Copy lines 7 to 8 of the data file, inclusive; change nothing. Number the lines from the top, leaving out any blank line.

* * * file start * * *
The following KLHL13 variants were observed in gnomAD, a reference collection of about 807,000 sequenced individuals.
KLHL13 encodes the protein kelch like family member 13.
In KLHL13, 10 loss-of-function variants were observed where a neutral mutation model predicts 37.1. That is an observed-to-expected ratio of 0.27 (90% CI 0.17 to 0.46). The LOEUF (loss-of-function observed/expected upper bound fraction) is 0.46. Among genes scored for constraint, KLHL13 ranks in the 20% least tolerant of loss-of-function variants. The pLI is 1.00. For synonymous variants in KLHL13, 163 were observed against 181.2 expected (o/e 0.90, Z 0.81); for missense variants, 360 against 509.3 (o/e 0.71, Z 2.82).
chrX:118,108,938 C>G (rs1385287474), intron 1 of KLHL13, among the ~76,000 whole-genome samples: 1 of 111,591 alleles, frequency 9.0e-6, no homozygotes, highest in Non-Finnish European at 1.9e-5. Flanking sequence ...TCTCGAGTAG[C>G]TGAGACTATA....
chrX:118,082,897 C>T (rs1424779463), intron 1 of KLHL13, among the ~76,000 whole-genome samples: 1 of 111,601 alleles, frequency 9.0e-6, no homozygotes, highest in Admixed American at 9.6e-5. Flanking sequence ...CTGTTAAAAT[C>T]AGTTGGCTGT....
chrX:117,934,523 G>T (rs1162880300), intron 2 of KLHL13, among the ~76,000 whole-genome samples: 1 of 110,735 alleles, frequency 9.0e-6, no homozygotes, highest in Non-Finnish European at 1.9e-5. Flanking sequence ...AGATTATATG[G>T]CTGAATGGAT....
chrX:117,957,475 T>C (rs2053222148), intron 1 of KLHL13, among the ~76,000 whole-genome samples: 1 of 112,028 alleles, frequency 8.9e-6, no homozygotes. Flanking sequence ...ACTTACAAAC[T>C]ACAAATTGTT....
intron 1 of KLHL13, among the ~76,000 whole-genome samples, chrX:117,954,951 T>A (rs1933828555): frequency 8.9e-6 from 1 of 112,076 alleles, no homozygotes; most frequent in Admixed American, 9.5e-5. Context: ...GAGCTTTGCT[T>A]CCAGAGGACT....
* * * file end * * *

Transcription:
chrX:117,957,475 T>C (rs2053222148), intron 1 of KLHL13, among the ~76,000 whole-genome samples: 1 of 112,028 alleles, frequency 8.9e-6, no homozygotes. Flanking sequence ...ACTTACAAAC[T>C]ACAAATTGTT....
intron 1 of KLHL13, among the ~76,000 whole-genome samples, chrX:117,954,951 T>A (rs1933828555): frequency 8.9e-6 from 1 of 112,076 alleles, no homozygotes; most frequent in Admixed American, 9.5e-5. Context: ...GAGCTTTGCT[T>A]CCAGAGGACT....